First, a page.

Thursday, April 11, 2019

Top 52 Things I Love About Miami Vice (that no one talks about)

The wheel came back around on Miami Vice. When the film was released in the summer of 2006, critical and audience reception was cold. But today, it seems like every few months there’s a new think piece hailing the film as brilliant. Those articles are great, because they encourage people to watch the movie for the first time, or revisit it with fresh eyes. Me? I’ve always adored the film, and I’m always looking for ways to explain my appreciation of it. (Please note that I’m going to spoil all major details about Miami Vice. And a few about Heat.)

Full disclosure, I always liked the original opening better, which immediately throws us in a packed Miami nightclub, with no context as to where we are or why we’re there. However, with that noted, the opening credit sequence in the Director’s Cut does look and sound incredible. It must have crushed Michael Mann to cut this sequence from theaters.

The brooding charisma, the intense energy, the determined stares – these cops are about their job, and I’m here for it.

This is one of my favorite exchanges in modern film. Sonny (Colin Farrell) is deep undercover, but still makes it a point to fit in, and fit in beautifully. The careful flirting between Sonny and Rita (Ana Cristina de Oliveira), Trudy (Naomie Harris) admiring the interaction from afar, Sonny and Rita sharing a drink – it’s all so smooth.

Ricardo (Jamie Foxx) swiftly taking down a massive bouncer as Ricardo tries to save a prostitute from her pimp. There’s an efficiency to Ricardo’s movements that make his intentions and skillset very clear.

I love that as soon as Alonzo (John Hawkes) calls Sonny, the undercover nightclub job gets pushed aside for whatever Alonzo is calling about. It creates a sense of urgency; whatever the hell this call is about, it needs immediate action. But we also aren’t clear if this call and the nightclub job are connected. That’s Michael Mann. He throws us into the world of his characters, and we’re forced to catch up.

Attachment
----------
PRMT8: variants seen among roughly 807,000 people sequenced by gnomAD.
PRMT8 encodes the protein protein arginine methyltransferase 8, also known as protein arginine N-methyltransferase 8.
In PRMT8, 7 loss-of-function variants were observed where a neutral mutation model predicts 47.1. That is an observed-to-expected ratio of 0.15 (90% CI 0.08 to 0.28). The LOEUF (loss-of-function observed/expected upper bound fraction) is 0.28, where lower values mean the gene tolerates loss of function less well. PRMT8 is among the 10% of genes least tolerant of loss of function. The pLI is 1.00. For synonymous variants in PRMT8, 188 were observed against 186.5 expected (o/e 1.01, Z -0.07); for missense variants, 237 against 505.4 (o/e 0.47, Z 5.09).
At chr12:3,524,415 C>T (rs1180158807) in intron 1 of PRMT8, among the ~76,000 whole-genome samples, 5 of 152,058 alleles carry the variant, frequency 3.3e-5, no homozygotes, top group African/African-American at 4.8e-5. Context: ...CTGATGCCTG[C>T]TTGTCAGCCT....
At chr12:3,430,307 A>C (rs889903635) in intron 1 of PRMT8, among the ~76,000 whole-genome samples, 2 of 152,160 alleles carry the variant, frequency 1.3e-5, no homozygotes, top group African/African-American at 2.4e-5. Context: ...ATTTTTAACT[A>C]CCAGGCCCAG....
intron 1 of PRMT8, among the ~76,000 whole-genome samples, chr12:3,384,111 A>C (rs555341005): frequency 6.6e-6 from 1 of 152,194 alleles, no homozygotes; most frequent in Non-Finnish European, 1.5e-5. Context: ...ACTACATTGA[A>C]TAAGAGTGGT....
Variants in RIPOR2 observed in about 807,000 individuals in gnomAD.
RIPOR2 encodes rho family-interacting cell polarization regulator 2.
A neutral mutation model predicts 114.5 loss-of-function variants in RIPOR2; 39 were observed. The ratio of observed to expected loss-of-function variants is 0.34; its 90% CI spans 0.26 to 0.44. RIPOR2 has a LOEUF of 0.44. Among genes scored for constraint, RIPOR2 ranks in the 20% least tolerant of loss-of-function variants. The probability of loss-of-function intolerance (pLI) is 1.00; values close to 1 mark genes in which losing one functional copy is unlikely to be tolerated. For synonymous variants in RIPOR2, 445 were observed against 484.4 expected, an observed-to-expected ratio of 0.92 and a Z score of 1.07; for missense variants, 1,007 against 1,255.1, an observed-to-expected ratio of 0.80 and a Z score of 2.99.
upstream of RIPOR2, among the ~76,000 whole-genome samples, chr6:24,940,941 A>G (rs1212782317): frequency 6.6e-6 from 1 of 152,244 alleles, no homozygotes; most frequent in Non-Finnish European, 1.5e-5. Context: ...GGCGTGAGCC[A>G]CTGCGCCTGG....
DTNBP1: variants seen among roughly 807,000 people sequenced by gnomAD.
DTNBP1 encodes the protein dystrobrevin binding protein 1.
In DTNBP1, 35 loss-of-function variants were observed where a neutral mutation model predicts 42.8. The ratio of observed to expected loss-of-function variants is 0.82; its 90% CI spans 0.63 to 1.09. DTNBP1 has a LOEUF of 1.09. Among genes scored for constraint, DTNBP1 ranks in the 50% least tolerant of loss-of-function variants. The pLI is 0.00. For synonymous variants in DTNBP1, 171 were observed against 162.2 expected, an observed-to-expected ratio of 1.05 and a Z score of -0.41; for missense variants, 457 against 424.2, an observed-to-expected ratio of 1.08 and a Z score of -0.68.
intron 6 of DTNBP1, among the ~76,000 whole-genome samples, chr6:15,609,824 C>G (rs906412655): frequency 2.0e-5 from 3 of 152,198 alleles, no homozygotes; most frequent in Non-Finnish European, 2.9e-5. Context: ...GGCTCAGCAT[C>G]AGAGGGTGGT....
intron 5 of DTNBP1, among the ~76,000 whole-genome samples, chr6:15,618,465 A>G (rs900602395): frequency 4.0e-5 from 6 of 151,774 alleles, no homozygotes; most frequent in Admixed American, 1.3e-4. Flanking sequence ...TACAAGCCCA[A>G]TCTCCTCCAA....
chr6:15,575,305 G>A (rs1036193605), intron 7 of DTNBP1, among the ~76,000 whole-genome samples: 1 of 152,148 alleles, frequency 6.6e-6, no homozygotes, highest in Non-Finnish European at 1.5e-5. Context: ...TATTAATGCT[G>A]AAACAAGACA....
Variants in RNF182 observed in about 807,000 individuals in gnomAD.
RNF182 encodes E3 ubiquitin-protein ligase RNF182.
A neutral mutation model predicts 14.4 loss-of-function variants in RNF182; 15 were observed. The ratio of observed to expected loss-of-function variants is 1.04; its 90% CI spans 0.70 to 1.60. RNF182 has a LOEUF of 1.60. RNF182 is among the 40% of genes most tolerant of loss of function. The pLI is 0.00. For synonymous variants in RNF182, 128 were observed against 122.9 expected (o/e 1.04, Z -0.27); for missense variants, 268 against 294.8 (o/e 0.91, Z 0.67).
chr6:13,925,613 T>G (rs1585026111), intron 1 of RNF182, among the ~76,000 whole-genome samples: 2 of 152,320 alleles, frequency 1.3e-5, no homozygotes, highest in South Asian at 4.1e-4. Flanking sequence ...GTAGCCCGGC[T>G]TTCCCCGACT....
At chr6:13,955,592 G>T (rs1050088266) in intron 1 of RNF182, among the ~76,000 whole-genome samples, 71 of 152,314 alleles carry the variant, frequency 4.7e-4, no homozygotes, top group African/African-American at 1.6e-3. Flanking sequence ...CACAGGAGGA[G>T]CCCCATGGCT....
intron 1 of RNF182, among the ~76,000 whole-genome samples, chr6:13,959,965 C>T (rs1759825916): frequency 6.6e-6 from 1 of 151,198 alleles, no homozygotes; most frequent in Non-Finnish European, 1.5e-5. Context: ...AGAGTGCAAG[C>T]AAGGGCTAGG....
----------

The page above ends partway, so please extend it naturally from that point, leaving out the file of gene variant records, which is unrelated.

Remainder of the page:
This is a terrifying shot, using little-to-no dialogue, and faint context as to what is happening. Ricardo is calling Alonzo’s house, hoping to speak to Ricardo’s partner. She isn’t there, but this monster is roaming through her fridge. Oh my.

Huge shout out to Dion Beebe’s digital photography in this film. I don’t think digital photography has ever serviced Mann better than it does here. (Though Collateral looks amazing.)

This line. This slick, perfectly detailed, Michael Mann line.

Another remarkable shot. I love Mann’s use of free space.

I’d love to know how much Sonny takes in a year, or if he comes from money. How the hell can he afford this car?!

Michael Mann doesn’t use slow motion a lot, but when he does, boy is it effective.

Nice callback to Heat here.

Love the rapidity of this exchange, which ends smoothly with Barry Shabaka Henley’s delivery of, “Cool down.”

“It’s a question.”

Farrell’s expression after he takes his ski mask off.

I love the playfulness between these two in this scene. You can really tell they love each other.

Zito (Justin Theroux) throwing Sonny a grenade when this meet starts to go bad.

Sonny and Ricardo sharing a look of concern at how fast José Yero’s (John Ortiz) crew called them back.

Sonny realizing that Montoya (Luis Tosar) and Isabella (Gong Li) have the same watch, perhaps indicating that they’re together. Which makes Sonny’s eventual courtship of Isabella that much more audacious.

I love when heavies deliver thinly veiled threats like this.

Michael Mann is often criticized for not writing strong female characters, but Naomie Harris shatters that notion here. I love how strong Trudy is.

I love how much Mann’s characters know. These Miami cops know how to fly fancy planes, operate go-fast boats, salsa dance, manipulate complicated security intel, steal drugs, and effectively use any number of complex weapons. Of course they know. They are Michael Mann characters, after all.

Sonny, back with that effortless charm.

Isabella smiling as she dances with Sonny.

People are often critical of how quickly Sonny and Isabella fall for each other, especially considering the risky circumstances. However, for better or worse, that is signature Michael Mann. The Last of the Mohicans, Heat, Ali, Public Enemies, and Blackhat all contain foreboding alpha male figures that become more human after meeting a new woman, despite the dangers involved. Michael Mann’s men fall hard, blindly and quickly.

I’ve always wondered if Sonny is really telling Isabella the truth about his past. Something tells me he is. But why? Why is she different? I suppose the same way Eady (Amy Brennenman) is different for Neil McCauley (Robert De Niro) in Heat. They’re just ready to finally let their guard down.

The warmth on their faces during this shot.

Isabella nodding to Sonny in the shower. It’s so playful and believable.

Sonny telling high-ranking FBI Agent, Fujima (Ciarán Hinds), to go fuck himself, and Ricardo trying to calm Sonny down. Sonny just blurts it out. It’s priceless.

Barry Shabaka Henley. I love the guy. He always delivers excellent performances, no matter the film. He’s so relaxed in this.

This is the closest Sonny and Ricardo come to explicitly stating their loyalty for one another. One of the reasons I love Miami Vice is because it contains two guys who clearly trust each other with their lives, even if they don’t talk about it. The bond they share is so believable, which makes the film’s ending that much more moving.